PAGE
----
Health Care Freedom of Conscience (HB 1787, 2018)

Cornerstone Action supports HB 1787-FN, relative to health care freedom of conscience. Health care professionals should not be expected to leave their religious, moral, and ethical beliefs at the door when they come to work.

While HB 1787 specified conscience protection for practitioners relative to only a few procedures, we support the bill as an important step in conscience protections. We support the inclusion of individuals as well as institutions in the bill’s protections.

Conscience rights are recognized in the New Hampshire Constitution’s Bill of Rights, article 4. That’s recognized, not granted. Conscience rights are threatened when they are pitted against rights created by law and granted by the state, such as the right to abortion. HB 1787 assures health care providers that in such a case, they will not lose their jobs for refusing to participate in abortions.

Don’t wait for a health care professional to be fired before you adopt this bill. This is a time to be pro-active.

This bill comes before you as the World Medical Association (WMA) has announced a proposed policy change that would abandon the WMA’s earlier respect for physicians’ conscience rights, replacing it with a policy that would demand physicians either perform or refer for abortions. Fortunately, physicians are pushing back.

  • The American Association of Pro-Life Obstetricians and Gynecologists released a letter on February 6 of this year to the American Medical Association, urging the AMA to oppose the WMA’s policy change: “[it] must be completely rejected as incompatible with good medical practice and as promoting  a gross violation of the conscience of physicians who choose not to participate in the killing of their patients.” In the same better, AAPLOG says “Elective abortion is not healthcare. Elevating a mother’s request for elective abortion to a basic human right is fallacious, and ignores the other two persons involved in the procedure. The proposed revision…ignor[es] the ‘rights of the physician’ and jeopardiz[es] the ‘protection of the patient’ – the unborn child.” [ ]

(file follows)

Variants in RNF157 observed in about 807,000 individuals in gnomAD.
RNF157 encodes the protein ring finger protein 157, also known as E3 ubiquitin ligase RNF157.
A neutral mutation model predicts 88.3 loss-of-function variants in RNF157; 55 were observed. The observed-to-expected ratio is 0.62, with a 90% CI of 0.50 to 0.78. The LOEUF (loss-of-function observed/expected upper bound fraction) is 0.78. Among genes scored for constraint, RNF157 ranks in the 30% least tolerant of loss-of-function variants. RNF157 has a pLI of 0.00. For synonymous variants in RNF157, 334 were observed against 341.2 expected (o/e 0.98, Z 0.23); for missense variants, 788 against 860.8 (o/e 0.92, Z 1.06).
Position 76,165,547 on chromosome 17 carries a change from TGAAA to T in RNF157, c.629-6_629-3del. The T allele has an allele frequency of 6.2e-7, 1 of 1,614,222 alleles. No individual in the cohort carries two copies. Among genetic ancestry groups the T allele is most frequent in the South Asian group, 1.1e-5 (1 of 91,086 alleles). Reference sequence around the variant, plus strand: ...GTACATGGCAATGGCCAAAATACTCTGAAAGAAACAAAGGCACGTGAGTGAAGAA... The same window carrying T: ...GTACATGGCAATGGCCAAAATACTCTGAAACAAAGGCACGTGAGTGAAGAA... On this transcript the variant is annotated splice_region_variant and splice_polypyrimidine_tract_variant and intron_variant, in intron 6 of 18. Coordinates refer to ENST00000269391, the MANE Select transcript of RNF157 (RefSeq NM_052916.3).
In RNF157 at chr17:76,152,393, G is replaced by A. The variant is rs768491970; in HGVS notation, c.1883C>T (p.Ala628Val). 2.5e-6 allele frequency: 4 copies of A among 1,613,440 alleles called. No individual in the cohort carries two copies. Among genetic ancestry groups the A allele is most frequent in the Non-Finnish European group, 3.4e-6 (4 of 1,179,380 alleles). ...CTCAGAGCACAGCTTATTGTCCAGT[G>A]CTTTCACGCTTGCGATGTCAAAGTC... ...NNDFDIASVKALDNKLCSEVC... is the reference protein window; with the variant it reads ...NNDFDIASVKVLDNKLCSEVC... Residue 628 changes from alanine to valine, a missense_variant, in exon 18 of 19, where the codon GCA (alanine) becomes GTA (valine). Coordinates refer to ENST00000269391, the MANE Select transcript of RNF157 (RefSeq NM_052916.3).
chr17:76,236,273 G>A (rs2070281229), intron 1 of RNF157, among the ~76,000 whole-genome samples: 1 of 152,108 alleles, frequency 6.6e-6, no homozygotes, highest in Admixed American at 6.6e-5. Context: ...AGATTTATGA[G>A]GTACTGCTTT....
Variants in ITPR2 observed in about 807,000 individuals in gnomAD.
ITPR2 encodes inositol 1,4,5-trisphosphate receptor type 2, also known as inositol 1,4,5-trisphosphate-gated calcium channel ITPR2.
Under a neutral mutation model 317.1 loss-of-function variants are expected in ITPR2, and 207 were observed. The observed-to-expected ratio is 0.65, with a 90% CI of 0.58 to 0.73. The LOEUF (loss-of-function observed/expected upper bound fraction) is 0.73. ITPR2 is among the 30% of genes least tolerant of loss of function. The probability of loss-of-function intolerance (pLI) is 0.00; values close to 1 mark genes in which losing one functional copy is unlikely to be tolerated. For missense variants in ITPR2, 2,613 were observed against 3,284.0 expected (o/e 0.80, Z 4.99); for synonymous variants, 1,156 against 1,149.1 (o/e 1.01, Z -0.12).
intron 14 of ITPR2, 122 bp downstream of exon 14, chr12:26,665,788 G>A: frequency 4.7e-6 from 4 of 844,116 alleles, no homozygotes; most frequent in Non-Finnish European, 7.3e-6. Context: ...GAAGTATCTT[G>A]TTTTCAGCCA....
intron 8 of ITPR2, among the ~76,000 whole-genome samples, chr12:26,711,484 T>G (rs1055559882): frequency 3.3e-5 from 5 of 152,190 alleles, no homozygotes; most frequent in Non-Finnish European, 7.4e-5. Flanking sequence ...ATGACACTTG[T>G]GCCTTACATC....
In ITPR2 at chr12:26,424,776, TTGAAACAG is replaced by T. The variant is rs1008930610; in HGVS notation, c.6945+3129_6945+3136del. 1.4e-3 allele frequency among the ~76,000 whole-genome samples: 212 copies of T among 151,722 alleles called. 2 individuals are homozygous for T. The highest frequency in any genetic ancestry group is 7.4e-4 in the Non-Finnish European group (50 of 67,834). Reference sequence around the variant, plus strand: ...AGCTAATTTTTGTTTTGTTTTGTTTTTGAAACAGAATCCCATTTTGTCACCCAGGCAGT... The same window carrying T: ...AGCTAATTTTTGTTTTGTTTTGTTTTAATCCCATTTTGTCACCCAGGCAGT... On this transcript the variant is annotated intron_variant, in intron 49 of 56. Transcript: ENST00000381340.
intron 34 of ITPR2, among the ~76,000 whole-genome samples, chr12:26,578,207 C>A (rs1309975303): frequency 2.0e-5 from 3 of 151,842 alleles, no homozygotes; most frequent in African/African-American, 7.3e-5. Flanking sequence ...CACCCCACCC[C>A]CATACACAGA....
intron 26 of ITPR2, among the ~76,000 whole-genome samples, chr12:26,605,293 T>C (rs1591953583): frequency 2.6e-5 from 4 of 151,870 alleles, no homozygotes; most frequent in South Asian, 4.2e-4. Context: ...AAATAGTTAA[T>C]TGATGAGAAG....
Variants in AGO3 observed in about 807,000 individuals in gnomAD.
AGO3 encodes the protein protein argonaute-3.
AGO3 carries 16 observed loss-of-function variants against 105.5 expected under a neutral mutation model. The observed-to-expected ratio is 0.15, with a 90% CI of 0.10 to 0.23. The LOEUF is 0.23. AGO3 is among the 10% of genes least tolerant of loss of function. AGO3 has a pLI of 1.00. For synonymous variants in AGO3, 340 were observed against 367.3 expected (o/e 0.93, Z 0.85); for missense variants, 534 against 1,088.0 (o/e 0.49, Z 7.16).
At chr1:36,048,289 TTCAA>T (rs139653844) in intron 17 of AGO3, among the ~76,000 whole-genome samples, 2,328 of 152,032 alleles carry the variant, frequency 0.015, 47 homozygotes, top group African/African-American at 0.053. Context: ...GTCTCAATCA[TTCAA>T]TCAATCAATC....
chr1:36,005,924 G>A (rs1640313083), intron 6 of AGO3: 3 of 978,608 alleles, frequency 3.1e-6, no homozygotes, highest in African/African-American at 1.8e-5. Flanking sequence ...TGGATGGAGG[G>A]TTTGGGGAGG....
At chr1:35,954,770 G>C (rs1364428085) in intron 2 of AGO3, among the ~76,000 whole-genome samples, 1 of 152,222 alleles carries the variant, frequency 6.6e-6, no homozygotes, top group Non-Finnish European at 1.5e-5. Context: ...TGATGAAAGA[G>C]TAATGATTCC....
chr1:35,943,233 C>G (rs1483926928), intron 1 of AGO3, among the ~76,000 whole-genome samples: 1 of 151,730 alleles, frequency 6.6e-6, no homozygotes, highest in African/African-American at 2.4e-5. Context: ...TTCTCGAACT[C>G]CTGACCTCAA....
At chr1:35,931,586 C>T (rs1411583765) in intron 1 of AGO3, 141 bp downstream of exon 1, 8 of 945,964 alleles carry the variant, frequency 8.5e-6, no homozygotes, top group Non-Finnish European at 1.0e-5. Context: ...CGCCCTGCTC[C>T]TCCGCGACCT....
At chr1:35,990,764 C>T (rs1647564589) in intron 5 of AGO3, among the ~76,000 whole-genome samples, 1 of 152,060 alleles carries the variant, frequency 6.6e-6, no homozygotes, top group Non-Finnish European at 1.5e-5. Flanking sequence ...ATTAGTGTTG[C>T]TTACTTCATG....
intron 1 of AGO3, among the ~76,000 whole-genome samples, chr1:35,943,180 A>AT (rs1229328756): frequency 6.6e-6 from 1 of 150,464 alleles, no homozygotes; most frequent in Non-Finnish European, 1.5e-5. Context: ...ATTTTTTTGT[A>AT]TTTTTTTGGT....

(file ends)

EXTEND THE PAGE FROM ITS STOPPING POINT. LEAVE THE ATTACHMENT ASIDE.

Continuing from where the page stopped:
• The Catholic Medical Association released a statement last week on the WMA’s proposed policy change, calling it “subversive of physician freedom of conscience concerning abortion in the short term, and euthanasia and assisted suicide in the long term.” []

The Charlotte Lozier Institute, a nonprofit research and education agency focused on the life issues, released a report in 2016 entitled “Unconscionable: Threats to religious Freedom and Rights of Conscience in the Abortion Debate.” Among the people whose cases are described in the report is a group of Washington state pharmacists who unsuccessfully fought a state regulation requiring that they dispense abortion-inducing drugs; Illinois pharmacists who had to wage a similar fight but with a different result; a nurse in New York whose employer knew of her religious objections to abortion but ordered her to participate nonetheless or else be fired; and two students applying to a nurse-residency program at Vanderbilt University who fought a requirement that program applicants agree to participate in abortions.

A federal provision known as Hyde/Weldon (dating back to 2004) provides inadequate conscience protections to health care providers. The provision has to be added to the federal Labor/Health and Human Services budget every cycle; it is not codified in statute. It also has an inadequate enforcement mechanism (filing a complaint with the Office of Civil Rights within HHS) that is subject to the policy priorities of whomever is in the White House at the time a complaint is filed. Conscience deserves constitutional and statutory protection, not merely an administrative nod.

We believe that HB 1787 would not pose a threat to women’s health or the provision of emergency care, given the experience with Hyde/Weldon since 2004. See Conscience Protection on Abortion: No Threat to Life from the U.S. Conference of Catholic Bishops Secretariat of Pro-Life Activities (February 2018). Here’s an excerpt:

…no one has documented a case in which any of these [conscience] laws led anyone to “turn away” a pregnant woman, or prevented a woman from obtaining emergency treatment needed to save her life. Nothing in these [conscience] laws authorizes anyone to “turn away a pregnant woman” needing treatment. Since 1986, federal law has forbidden emergency rooms to turn away patients in medical emergencies, and requires them to provide treatment to stabilize the medical condition of such patients – including pregnant women. But this law…does not require that abortion be the stabilizing treatment in any case. [emphasis in original]

We urge you to vote “Ought to Pass on HB 1787, respecting conscience rights for health care providers. Doing so is in the best interests of providers and patients alike.

Testimony delivered by Shannon McGinley, executive director.